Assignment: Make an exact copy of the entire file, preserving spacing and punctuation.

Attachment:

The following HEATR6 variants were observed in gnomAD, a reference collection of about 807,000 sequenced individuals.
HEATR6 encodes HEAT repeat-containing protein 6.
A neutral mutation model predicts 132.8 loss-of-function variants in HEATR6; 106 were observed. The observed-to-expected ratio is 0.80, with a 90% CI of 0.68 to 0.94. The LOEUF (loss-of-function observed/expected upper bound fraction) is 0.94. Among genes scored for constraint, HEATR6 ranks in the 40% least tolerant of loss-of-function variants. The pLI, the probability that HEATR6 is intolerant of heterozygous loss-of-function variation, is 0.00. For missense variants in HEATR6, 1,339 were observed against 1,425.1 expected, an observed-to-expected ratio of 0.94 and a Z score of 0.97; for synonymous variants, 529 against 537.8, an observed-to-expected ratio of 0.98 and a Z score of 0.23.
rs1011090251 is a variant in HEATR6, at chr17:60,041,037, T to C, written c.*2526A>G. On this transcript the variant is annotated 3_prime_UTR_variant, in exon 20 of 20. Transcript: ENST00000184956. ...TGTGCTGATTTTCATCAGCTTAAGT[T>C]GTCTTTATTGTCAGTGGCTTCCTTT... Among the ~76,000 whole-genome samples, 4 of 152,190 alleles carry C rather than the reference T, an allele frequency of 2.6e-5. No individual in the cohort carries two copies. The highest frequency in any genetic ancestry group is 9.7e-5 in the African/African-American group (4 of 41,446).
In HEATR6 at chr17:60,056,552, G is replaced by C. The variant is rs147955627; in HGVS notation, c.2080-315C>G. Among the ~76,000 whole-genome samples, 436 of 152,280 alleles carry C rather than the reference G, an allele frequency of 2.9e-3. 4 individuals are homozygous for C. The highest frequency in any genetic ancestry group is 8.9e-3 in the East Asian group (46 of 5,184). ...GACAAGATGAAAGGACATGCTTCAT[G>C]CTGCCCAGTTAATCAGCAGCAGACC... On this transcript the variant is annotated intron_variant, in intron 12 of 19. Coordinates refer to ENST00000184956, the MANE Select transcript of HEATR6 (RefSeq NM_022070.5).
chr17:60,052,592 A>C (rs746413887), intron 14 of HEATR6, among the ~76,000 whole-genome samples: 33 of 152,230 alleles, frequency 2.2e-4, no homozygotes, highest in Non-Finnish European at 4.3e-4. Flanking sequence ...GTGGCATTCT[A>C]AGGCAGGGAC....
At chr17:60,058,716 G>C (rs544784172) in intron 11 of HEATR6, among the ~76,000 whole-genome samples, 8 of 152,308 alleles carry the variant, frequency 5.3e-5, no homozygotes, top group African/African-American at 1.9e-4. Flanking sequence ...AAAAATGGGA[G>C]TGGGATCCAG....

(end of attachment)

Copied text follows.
The following HEATR6 variants were observed in gnomAD, a reference collection of about 807,000 sequenced individuals.
HEATR6 encodes HEAT repeat-containing protein 6.
A neutral mutation model predicts 132.8 loss-of-function variants in HEATR6; 106 were observed. The observed-to-expected ratio is 0.80, with a 90% CI of 0.68 to 0.94. The LOEUF (loss-of-function observed/expected upper bound fraction) is 0.94. Among genes scored for constraint, HEATR6 ranks in the 40% least tolerant of loss-of-function variants. The pLI, the probability that HEATR6 is intolerant of heterozygous loss-of-function variation, is 0.00. For missense variants in HEATR6, 1,339 were observed against 1,425.1 expected, an observed-to-expected ratio of 0.94 and a Z score of 0.97; for synonymous variants, 529 against 537.8, an observed-to-expected ratio of 0.98 and a Z score of 0.23.
rs1011090251 is a variant in HEATR6, at chr17:60,041,037, T to C, written c.*2526A>G. On this transcript the variant is annotated 3_prime_UTR_variant, in exon 20 of 20. Transcript: ENST00000184956. ...TGTGCTGATTTTCATCAGCTTAAGT[T>C]GTCTTTATTGTCAGTGGCTTCCTTT... Among the ~76,000 whole-genome samples, 4 of 152,190 alleles carry C rather than the reference T, an allele frequency of 2.6e-5. No individual in the cohort carries two copies. The highest frequency in any genetic ancestry group is 9.7e-5 in the African/African-American group (4 of 41,446).
In HEATR6 at chr17:60,056,552, G is replaced by C. The variant is rs147955627; in HGVS notation, c.2080-315C>G. Among the ~76,000 whole-genome samples, 436 of 152,280 alleles carry C rather than the reference G, an allele frequency of 2.9e-3. 4 individuals are homozygous for C. The highest frequency in any genetic ancestry group is 8.9e-3 in the East Asian group (46 of 5,184). ...GACAAGATGAAAGGACATGCTTCAT[G>C]CTGCCCAGTTAATCAGCAGCAGACC... On this transcript the variant is annotated intron_variant, in intron 12 of 19. Coordinates refer to ENST00000184956, the MANE Select transcript of HEATR6 (RefSeq NM_022070.5).
chr17:60,052,592 A>C (rs746413887), intron 14 of HEATR6, among the ~76,000 whole-genome samples: 33 of 152,230 alleles, frequency 2.2e-4, no homozygotes, highest in Non-Finnish European at 4.3e-4. Flanking sequence ...GTGGCATTCT[A>C]AGGCAGGGAC....
At chr17:60,058,716 G>C (rs544784172) in intron 11 of HEATR6, among the ~76,000 whole-genome samples, 8 of 152,308 alleles carry the variant, frequency 5.3e-5, no homozygotes, top group African/African-American at 1.9e-4. Flanking sequence ...AAAAATGGGA[G>C]TGGGATCCAG....